Sunday, 29 April 2007

Changemakers Ashoka Network Meeting

meeting in Nelson Mandela Lecture Theatre, Said Business School
Tuesday 27th March 2007

• The next morning there was another pre-conference session from Bill Drayton and the Ashoka Network. Bill Drayton is considered the “elder statesman” of the social entrepreneurship field, and is credited with popularising the term itself. He has a remarkable track record of 30 years of supporting social entrepreneurs through the Ashoka Network, as well as establishing and leading many innovative projects himself.

• Most of you will know that, in New Zealand, The Jobs Research Trust (of which I am a trustee) has launched a new initiative which is also called Changemakers. There are many groups around the world calling themselves changemakers ... so it is probably just as well that there is plenty of opportunities for change to go around! Our New Zealand group is based around a 5-10-5-10 strategy to foster more active citizenship in our communities. (For more information see

This Jobs Research Trust project was partly inspired by Bill Drayton’s speech at last year’s Skoll World Forum. At that time, Drayton remarked that until recently, Ashoka has been stating its mission chiefly in terms of “building a more entrepreneurial and competitive not-for-profit sector”. But more recently, he has come to re-assess this goal:
“ The most important contribution any of us can make now is not to solve any particular problem, no matter how urgent energy or environmental or financial regulation is. What we must do now is increase the proportion of humans who know that they can cause change. And who, like smart white blood cells coursing through society, will stop with pleasure whenever they see that something is stuck or that an opportunity is ripe to be seized. Multiplying society's capacity to adapt and change intelligently and constructively and building the necessary underlying collaborative architecture, is the world's most critical opportunity now. Pattern-changing social entrepreneurs are the most critical single factor in catalysing and engineering this transformation ...” — from “Everyone a Changemaker”, by Bill Drayton (2006)
•In his opening speech at this Ashoka Changemakers session, Bill Drayton re-iterated many of the key points of his “everyone a changemaker” world-view. He believes that the next big step in the field of social entrepreneurship is tackling the question of how we do entrepreneurship together. He sees this as complementary to the fostering of an elite leadership model that so many of the Fellowships (like his own Ashoka) are focussing on.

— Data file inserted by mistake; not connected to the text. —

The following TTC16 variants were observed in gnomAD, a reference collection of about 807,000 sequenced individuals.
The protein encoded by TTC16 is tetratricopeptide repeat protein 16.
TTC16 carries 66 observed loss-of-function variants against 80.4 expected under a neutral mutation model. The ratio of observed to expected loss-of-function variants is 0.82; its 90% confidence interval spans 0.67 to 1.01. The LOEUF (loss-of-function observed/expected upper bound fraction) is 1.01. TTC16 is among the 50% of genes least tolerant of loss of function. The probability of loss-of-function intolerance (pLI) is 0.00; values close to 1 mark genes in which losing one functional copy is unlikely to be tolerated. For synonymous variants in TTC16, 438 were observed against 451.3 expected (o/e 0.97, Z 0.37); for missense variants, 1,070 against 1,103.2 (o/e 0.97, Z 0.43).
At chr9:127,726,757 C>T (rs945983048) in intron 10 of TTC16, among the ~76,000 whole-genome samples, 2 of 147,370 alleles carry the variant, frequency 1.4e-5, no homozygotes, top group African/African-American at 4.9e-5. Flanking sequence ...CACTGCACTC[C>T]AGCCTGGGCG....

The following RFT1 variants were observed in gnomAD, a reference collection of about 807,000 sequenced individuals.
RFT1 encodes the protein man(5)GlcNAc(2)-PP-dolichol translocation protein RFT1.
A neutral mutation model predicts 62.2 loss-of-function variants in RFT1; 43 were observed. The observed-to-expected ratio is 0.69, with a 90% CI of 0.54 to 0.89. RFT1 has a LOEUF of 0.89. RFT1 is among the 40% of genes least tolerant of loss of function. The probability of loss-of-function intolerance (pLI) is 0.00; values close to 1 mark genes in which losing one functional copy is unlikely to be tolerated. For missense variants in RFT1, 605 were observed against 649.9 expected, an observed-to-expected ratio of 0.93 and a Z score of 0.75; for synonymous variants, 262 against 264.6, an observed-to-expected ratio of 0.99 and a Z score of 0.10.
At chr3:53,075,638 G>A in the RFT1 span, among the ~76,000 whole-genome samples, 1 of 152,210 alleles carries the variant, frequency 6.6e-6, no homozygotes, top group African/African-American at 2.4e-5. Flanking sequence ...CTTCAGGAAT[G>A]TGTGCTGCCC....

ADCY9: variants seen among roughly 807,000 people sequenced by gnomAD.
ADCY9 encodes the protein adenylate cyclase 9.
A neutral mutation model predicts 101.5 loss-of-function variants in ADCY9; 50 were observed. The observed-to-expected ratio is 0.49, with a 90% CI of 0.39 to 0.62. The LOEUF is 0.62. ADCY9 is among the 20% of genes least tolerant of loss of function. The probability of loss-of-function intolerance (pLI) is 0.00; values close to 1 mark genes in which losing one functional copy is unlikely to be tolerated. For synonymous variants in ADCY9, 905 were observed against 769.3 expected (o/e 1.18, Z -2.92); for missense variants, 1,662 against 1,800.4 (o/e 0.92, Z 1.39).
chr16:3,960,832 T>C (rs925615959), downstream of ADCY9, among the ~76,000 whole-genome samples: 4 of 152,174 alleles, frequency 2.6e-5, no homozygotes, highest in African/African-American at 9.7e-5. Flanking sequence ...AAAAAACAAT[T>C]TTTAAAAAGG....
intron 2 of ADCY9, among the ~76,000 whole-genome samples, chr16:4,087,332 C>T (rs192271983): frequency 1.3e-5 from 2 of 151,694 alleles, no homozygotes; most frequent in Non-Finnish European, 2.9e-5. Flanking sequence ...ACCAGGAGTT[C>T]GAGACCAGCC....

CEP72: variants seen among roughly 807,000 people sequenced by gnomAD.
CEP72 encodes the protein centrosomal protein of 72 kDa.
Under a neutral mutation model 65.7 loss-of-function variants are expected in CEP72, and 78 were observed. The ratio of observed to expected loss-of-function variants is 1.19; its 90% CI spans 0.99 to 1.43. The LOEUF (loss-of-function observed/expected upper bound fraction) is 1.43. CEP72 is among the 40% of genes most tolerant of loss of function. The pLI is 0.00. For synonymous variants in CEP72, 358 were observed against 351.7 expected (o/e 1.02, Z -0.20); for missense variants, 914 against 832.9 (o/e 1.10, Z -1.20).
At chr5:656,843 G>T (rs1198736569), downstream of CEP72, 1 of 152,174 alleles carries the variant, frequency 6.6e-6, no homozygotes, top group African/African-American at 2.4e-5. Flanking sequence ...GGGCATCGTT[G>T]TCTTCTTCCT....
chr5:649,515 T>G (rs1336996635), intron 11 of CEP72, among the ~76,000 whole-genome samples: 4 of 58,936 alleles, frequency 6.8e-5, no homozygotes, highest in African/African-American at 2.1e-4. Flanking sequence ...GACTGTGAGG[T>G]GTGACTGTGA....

The Ashoka team then went on to outline their latest initiative in “open-sourcing” innovations in various fields of social change. Their Changemakers approach is a strategy of sharing ideas for innovation as they are happening, and in a way that entrepreneurs can easily adapt them to their own local conditions.

Changemakers sets up thematic “collaborative competitions” between local groups from all around the world which are asked to present their ideas and projects for change on complex social areas. These ideas and projects for change are all placed on an open website at A panel of key decisionmakers and investors (from the leading philanthropic foundations) then assesses the applications, and picks the 10-12 finalists which they then bring together to collaborate on an overall plan for the whole social area.

An interesting tool being used in this collaborative process is the use of a “Changemakers Mosaic” of the innovative solutions generated by each competition. The Mosaic serves as an intellectual framework which maps at a glance the most powerful emerging principles of innovation against the underlying factors that drive a problem. It helps social innovators see how their work fits into a larger picture and demonstrates that the collective impact of their solutions is greater than the sum of the individual projects. It also gives you a great overview of the challenges in a particular field ... as well as a sense of how systemic change can really take place.

At this workshop, the finalists in two recent competitions on “Health for All” and “Entrepreneuring Peace” gave summaries of their various projects, and then talked about how the collaborative process was helping them accelerate innovation and improve impact.

The Said Business School at Oxford — photo Hutchinson

• There is much we can learn from this approach which applies to the process of fostering innovation in New Zealand. The Ashoka Changemakers model spells out many processes which could be used by the various grantmakers and foundations in fostering a common and systemic approach in specific social sectors.

It’s certainly got me thinking: What if there was a source of philanthropic funding in New Zealand aimed at fostering innovations, and all the project applications were open-sourced on a website in this way ... and the finalists challenged to work together on a common approach. That would be something completely different from the current approach to grant-making. And it would be a way to blast through the whole concept of “patch protection” — and to focus on how we might improve each other’s work for the common good.

“Health for All” Mosaic
“Innovating Peace” Mosaic

“Everyone a Changemaker” by Bill Drayton (2006)
published in Innovations (MIT Press) Winter 2006